Unfortunately for the Fifty Shades of Grey movie, a solid cast, good director and unique premise only help to expose the inherent weaknesses of the source novel.
In Fifty Shades of Grey we follow the strange odyssey of Anastasia Steele (Dakota Johnson), a literature student whose journalistic favor for a sick friend results in a fateful meeting with Christian Grey (Jamie Dornan), a handsome young billionaire.
Christian is taken with Anastasia after their very first meeting, and soon inserts his willful presence into her life. But as her mysterious suitor begins to open up his iron-clad personality, Ana discovers that Christian’s “singular” predilections for control, pleasure and sometimes punishment may kill any hopes of them having a normal and fulfilling relationship.
As I often say: a movie can fail for a variety of reasons. Sometimes, it’s the performance of the actors; sometimes, a lack of directorial vision; and sometimes, the premise just cannot sustain itself through an entire cinematic journey. Unfortunately for the Fifty Shades of Grey movie, a solid cast, good director and unique premise only help to expose the inherent weaknesses of the source novel – leaving this film (like its central romance) doomed from the start.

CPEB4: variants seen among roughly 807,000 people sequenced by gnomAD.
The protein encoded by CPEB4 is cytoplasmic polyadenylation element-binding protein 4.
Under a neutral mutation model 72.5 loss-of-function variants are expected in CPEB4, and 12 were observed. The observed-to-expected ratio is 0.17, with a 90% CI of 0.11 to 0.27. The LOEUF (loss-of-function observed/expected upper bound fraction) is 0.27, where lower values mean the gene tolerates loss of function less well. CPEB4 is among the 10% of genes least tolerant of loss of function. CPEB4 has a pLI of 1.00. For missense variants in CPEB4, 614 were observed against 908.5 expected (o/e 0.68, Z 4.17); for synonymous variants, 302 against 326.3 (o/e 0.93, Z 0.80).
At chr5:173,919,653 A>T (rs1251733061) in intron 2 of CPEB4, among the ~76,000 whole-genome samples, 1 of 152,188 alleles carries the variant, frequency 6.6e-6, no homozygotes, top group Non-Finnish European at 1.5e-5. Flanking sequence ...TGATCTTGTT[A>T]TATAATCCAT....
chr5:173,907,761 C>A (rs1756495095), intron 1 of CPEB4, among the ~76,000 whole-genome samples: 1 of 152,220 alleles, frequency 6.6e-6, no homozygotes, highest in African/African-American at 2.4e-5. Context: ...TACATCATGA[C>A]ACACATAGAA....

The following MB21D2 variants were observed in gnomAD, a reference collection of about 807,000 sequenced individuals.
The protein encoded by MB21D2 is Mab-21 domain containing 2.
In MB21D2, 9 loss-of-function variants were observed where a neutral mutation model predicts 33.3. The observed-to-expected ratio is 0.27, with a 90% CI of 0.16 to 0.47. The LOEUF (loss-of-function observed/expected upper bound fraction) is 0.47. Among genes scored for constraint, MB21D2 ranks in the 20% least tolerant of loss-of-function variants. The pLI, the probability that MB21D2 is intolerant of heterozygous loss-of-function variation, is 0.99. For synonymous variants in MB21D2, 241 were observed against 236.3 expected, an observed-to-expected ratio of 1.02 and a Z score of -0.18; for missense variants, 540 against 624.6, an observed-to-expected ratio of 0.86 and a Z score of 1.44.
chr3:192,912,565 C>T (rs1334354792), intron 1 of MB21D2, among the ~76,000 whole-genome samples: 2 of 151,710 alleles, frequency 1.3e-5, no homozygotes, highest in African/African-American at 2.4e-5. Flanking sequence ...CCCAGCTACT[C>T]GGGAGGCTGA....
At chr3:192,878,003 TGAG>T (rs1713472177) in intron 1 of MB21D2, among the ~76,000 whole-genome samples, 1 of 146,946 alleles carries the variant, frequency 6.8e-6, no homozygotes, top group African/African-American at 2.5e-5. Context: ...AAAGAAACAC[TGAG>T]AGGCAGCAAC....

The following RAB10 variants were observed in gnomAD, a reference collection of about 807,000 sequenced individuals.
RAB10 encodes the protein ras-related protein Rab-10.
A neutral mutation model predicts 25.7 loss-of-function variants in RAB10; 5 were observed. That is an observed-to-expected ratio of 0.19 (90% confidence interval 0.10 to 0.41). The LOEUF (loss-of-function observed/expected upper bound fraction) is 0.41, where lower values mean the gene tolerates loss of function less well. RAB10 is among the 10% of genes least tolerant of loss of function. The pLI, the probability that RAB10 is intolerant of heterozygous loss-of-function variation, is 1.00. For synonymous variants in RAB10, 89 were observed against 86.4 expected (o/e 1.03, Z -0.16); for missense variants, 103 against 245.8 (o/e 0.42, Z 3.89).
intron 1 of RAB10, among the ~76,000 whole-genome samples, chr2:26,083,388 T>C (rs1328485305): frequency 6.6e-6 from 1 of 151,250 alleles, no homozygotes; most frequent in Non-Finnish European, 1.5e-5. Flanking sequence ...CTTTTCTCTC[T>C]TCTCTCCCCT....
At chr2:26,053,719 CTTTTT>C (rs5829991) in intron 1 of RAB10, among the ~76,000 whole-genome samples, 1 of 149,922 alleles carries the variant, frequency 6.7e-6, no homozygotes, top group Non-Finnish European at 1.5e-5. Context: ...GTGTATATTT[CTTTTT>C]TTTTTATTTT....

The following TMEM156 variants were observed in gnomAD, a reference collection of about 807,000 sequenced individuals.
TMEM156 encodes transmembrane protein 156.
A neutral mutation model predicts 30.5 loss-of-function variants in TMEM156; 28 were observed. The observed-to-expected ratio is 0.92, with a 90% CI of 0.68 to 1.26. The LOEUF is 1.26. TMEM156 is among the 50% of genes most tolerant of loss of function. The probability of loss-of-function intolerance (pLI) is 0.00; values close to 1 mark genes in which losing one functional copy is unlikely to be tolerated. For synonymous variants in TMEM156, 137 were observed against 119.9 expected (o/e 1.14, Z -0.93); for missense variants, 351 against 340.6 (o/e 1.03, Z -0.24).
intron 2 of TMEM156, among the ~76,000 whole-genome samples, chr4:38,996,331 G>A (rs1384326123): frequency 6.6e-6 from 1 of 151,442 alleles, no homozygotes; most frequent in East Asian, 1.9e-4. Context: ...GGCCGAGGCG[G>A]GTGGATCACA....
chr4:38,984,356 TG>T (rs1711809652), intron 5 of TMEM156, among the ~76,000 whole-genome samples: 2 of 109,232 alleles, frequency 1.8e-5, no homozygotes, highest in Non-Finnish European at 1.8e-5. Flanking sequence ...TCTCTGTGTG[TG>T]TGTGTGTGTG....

From a cinematic standpoint, director Sam Taylor-Johnson (Nowhere Boy) does an admirable job with the visual composition of the film. As a movie, Fifty Shades has a competent and well-crafted visual shorthand, complete with thematic motifs (doors opening and closing); color palettes (black, white, passion red and of course, ambiguous gray); rich tone courtesy of cinematographer Seamus McGarvey (Avengers, Godzilla); and some impressive sequences that make this erotic drama uniquely qualified for big-screen viewing.
More to the point: in Taylor-Johnson’s hands, there is actual artistry and meaning brought to the “controversially” titillating subject matter the book series is famous for. The handling of the BDSM sex play is dreadfully cliched in terms of structure (3 heated romps and a final dramatic one); however, the actual presentation of the “love scenes” recalls the style of director Adrian Lyne (Unfaithful, Nine 1/2 Weeks), favoring artsy close-ups of human form, curve and the intimate sensations of touch, feel and response, rather than the raw carnality seen in something like Basic Instinct (my generation’s landmark erotic thriller movie).
On the flip-side, director Paul Verhoeven clearly had a winking eye on the pulpy, trashy story that was Basic Instinct: Taylor-Johnson and screenplay writer Kelly Marcel (Saving Mr. Banks, Terra Nova) show no such self-awareness, presenting the material in E.L. James’ novel with an almost fatal slavishness to the written material. Hearing the dialogue out loud (or witnessing some of the awkward melodramatic moments shoehorned into the material), it may be hard for even the most ardent fans of the book to deny the lack of quality in the writing.